Toxicologist Vs. Pathologist

Toxicology and pathology require extensive medical education and research, with the goal of improving health. Learn about the differences between these careers, including salary, job responsibilities, and related careers.

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Toxicologist vs. Pathologist

If you're interested in the medical field, but not interested in working directly with patients, then a career as a toxicologist or pathologist might be for you. A toxicologist studies medications and other substances and determines the harmful effects. A pathologist studies cells and tissues to determine the presence of disease.

Job Title Education Requirements Median Salary (2017)* Job Growth (2016-2026)**
Toxicologist Doctoral or professional degree $84,458 13% (medical scientists, except epidemiologists)
Pathologist Doctoral or professional degree $202,379 13% (physicians and surgeons, all other)

Sources: *PayScale.com **U.S. Bureau of Labor Statistics

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Responsibilities of Toxicologists vs. Pathologists

Toxicologists and pathologists work in the health and medical field, studying certain materials to determine potentially detrimental effects. Toxicologists study substances that may be produced or occur naturally, whereas pathologists study materials that have come from a person's body. In other words, toxicologists work to catch health problems before they occur, and pathologists work to find existing problems so proper treatment can commence. Both of these careers are deeply based in science, problem-solving, and attention to detail, as lives may depend on the research and tests they conduct.


Toxicologists work as medical scientists, conducting studies and doing research regarding the harmful effects of poisons, cleaning and other household substances, and medications. They sometimes research whether certain substances are harmful at all, or if the substance is only harmful with certain exposures or amounts. Some toxicologists also research these effects on other living things, such as animals and the environment. Many toxicologists work in laboratories, either public, such as at a university, or private, such as at a pharmaceutical company. Hours may vary based on the organization, but they usually work 40-hour weeks.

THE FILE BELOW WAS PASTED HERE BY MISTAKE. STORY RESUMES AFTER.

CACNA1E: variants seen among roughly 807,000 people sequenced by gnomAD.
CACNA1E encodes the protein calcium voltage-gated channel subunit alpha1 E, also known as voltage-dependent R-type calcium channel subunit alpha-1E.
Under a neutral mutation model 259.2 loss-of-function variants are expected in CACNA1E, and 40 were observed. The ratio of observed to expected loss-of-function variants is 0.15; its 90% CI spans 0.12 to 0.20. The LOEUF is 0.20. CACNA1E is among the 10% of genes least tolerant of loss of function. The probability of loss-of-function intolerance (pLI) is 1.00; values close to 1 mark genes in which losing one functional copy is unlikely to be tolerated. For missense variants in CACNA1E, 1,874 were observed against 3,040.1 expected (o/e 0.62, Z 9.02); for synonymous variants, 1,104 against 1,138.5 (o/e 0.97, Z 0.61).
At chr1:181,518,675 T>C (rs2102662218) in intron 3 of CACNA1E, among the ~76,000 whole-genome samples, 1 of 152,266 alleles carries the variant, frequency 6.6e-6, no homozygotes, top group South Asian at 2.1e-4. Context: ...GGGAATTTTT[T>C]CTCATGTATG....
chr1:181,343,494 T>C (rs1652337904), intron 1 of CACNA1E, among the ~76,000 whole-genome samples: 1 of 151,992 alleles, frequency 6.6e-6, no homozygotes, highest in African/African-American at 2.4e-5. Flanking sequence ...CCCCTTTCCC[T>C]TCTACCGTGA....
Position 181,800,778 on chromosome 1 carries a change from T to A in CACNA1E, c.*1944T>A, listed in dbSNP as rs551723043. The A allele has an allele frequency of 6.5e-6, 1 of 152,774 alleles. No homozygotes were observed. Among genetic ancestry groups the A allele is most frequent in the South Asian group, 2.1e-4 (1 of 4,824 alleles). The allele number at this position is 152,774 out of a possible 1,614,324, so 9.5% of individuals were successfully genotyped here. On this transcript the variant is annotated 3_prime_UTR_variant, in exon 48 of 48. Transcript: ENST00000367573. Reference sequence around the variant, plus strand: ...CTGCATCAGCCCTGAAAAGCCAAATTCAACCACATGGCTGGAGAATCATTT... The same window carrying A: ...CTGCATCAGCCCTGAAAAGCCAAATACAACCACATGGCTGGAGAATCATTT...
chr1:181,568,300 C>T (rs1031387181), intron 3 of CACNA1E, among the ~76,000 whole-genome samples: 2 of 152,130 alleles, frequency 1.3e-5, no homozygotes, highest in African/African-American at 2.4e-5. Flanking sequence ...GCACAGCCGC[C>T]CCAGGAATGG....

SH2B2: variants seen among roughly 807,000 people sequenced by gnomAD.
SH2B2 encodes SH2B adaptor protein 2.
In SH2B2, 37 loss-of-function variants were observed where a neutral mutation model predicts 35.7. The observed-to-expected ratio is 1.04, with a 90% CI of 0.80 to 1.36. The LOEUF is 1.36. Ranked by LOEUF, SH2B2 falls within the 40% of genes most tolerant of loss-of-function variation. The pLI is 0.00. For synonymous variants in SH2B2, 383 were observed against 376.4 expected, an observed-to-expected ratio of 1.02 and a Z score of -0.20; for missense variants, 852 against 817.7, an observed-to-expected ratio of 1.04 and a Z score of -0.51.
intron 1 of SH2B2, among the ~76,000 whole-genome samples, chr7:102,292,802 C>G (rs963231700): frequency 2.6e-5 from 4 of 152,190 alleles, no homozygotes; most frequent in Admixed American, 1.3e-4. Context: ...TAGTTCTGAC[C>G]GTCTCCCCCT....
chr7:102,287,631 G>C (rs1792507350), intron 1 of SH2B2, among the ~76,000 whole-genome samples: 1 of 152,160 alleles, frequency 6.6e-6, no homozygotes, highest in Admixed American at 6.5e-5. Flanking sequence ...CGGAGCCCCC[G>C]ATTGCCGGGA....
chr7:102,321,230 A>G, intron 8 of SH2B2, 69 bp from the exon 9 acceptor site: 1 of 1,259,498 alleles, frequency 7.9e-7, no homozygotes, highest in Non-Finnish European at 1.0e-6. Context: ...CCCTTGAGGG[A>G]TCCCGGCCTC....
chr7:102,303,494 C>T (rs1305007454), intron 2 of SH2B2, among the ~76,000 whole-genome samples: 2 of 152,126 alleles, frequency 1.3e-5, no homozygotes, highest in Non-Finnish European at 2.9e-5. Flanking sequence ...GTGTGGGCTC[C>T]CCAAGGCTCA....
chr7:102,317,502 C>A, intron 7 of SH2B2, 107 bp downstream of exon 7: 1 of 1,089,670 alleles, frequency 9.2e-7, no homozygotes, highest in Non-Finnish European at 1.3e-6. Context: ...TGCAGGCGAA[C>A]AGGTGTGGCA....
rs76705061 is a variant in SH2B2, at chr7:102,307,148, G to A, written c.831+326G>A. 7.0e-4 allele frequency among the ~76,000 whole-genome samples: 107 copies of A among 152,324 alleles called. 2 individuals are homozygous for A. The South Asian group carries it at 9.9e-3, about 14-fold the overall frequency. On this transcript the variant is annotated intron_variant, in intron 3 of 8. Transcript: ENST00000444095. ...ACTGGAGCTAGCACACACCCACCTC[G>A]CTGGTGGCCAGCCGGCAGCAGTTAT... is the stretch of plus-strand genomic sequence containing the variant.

Job responsibilities of a toxicologist include:

  • Designing and executing studies that replicate exposures to certain substances
  • Working with health departments and other organizations to develop health standards, based on their expertise
  • Adhering to a strict safety regimen when handling any substance that is proven to be, or possibly is, toxic
  • Analyzing data to determine causes and treatment for toxicity, pathogens, and diseases


A pathologist is a type of medical doctor that studies cells and tissues for abnormalities. They obtain tissue samples that doctors have collected during surgeries to prepare and examine them, then report their findings back to the doctors. Part of the tissue examination includes how it looks to the naked eye, how it appears under the microscope, and whether the cells are normal or abnormal. Through testing, they may be able to determine where a particular cancer started and the type of cancer. Their work is usually done during a standard work week in medical laboratories, although they may be present during surgeries at various times to offer immediate guidance.

Job responsibilities of a pathologist include:

  • Designing methods to enhance testing procedures
  • Developing entire research programs
  • Analyzing autopsies
  • Writing detailed pathology reports, including diagnosis and other information regarding further testing

Related Careers

If you're looking to become a toxicologist, you may also want to consider a career as an epidemiologist, to study human health patterns and the spread of disease. A career as a radiation therapist may be an alternative to those pursuing a career in pathology, as they work in the fight against cancer.

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